As a set-up for films and TV shows, average people entering the soul-destroying world of politics is an oldie but a goodie, a vehicle to explore the preservation of personal values in complex and compromising environments.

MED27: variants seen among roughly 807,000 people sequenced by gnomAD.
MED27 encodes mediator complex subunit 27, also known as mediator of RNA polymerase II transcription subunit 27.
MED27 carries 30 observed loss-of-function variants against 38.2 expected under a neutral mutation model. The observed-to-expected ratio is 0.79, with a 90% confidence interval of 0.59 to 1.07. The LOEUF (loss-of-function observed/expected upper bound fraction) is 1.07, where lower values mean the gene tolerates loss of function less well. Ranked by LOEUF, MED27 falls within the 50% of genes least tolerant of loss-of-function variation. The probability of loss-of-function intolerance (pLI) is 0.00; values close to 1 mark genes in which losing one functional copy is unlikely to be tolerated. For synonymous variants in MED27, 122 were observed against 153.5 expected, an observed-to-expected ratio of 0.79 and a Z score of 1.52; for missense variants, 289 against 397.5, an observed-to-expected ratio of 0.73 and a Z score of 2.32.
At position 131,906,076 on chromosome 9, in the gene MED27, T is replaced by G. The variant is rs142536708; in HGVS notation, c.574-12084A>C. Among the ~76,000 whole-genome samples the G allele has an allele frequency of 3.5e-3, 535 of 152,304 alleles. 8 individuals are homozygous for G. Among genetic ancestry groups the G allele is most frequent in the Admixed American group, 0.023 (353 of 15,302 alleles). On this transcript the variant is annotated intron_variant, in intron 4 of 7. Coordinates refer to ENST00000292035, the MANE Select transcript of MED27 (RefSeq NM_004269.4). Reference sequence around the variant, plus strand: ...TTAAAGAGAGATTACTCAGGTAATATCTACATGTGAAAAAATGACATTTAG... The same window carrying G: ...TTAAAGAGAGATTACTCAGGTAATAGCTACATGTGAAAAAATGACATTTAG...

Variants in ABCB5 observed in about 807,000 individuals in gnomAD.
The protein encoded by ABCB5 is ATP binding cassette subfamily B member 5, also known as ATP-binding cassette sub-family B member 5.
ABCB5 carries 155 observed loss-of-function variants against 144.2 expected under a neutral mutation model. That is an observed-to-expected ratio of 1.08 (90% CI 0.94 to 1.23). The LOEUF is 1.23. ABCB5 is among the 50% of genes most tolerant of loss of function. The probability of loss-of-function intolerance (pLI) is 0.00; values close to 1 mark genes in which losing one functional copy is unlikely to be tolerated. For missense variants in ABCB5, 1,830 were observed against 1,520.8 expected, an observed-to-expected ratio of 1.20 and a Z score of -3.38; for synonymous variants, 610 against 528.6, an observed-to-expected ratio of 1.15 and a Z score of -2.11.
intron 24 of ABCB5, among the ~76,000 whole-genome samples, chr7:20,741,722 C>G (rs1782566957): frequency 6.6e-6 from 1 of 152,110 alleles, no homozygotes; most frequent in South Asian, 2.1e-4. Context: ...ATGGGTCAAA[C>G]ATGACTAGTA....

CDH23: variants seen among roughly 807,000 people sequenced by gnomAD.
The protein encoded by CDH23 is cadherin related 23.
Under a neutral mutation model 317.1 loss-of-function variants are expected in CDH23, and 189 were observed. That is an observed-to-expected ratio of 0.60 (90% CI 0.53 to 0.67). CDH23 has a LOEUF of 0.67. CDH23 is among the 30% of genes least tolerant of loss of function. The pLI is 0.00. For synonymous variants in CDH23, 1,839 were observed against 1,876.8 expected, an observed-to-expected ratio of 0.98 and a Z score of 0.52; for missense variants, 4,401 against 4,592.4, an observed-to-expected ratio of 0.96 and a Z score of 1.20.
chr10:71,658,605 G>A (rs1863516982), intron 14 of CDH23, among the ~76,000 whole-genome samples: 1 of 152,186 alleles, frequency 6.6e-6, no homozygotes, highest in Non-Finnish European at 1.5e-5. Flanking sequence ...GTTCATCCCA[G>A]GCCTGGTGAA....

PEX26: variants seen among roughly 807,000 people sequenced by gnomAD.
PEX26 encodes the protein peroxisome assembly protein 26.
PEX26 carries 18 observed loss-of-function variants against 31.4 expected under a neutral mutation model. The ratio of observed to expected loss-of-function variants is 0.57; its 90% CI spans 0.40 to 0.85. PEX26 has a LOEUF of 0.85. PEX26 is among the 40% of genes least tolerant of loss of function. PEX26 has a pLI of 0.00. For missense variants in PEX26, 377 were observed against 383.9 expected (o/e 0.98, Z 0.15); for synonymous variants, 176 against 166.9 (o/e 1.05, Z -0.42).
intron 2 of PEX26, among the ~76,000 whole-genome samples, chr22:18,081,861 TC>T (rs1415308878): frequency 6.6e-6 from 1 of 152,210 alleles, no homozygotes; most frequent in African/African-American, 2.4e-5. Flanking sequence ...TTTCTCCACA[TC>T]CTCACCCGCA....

The most famous example is Frank Capra’s 1939 classic Mr Smith Goes to Washington, about a wholesome Boy Rangers leader parachuted into the role of a senator. Just one year later Australia got its homegrown equivalent, the director Ken G. Hall’s neglected feelgood 1940 comedy Dad Rudd, MP, which follows an ordinary farmer who runs for parliament and prevails against wealthy vested interests.
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